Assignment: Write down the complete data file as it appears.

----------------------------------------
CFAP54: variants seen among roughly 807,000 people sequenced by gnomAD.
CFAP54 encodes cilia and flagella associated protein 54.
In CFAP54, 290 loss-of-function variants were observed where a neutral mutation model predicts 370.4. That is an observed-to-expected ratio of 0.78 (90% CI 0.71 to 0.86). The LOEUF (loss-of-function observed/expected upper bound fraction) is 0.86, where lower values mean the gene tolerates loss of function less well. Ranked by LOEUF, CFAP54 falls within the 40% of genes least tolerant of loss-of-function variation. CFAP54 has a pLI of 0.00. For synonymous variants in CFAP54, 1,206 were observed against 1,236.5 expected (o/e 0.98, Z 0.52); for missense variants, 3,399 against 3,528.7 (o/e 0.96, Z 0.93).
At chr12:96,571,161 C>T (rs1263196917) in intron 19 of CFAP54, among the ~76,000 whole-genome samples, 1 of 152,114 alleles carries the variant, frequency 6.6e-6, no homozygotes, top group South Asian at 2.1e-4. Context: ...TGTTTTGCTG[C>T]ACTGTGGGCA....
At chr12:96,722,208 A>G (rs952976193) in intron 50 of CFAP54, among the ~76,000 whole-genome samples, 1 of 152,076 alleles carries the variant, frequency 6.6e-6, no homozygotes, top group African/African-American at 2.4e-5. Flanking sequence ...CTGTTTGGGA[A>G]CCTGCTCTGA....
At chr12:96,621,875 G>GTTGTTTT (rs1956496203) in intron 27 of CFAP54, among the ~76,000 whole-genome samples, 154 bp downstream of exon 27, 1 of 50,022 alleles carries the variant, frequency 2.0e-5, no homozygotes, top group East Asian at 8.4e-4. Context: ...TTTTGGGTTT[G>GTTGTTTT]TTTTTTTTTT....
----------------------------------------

CFAP54: variants seen among roughly 807,000 people sequenced by gnomAD.
CFAP54 encodes cilia and flagella associated protein 54.
In CFAP54, 290 loss-of-function variants were observed where a neutral mutation model predicts 370.4. That is an observed-to-expected ratio of 0.78 (90% CI 0.71 to 0.86). The LOEUF (loss-of-function observed/expected upper bound fraction) is 0.86, where lower values mean the gene tolerates loss of function less well. Ranked by LOEUF, CFAP54 falls within the 40% of genes least tolerant of loss-of-function variation. CFAP54 has a pLI of 0.00. For synonymous variants in CFAP54, 1,206 were observed against 1,236.5 expected (o/e 0.98, Z 0.52); for missense variants, 3,399 against 3,528.7 (o/e 0.96, Z 0.93).
At chr12:96,571,161 C>T (rs1263196917) in intron 19 of CFAP54, among the ~76,000 whole-genome samples, 1 of 152,114 alleles carries the variant, frequency 6.6e-6, no homozygotes, top group South Asian at 2.1e-4. Context: ...TGTTTTGCTG[C>T]ACTGTGGGCA....
At chr12:96,722,208 A>G (rs952976193) in intron 50 of CFAP54, among the ~76,000 whole-genome samples, 1 of 152,076 alleles carries the variant, frequency 6.6e-6, no homozygotes, top group African/African-American at 2.4e-5. Flanking sequence ...CTGTTTGGGA[A>G]CCTGCTCTGA....
At chr12:96,621,875 G>GTTGTTTT (rs1956496203) in intron 27 of CFAP54, among the ~76,000 whole-genome samples, 154 bp downstream of exon 27, 1 of 50,022 alleles carries the variant, frequency 2.0e-5, no homozygotes, top group East Asian at 8.4e-4. Context: ...TTTTGGGTTT[G>GTTGTTTT]TTTTTTTTTT....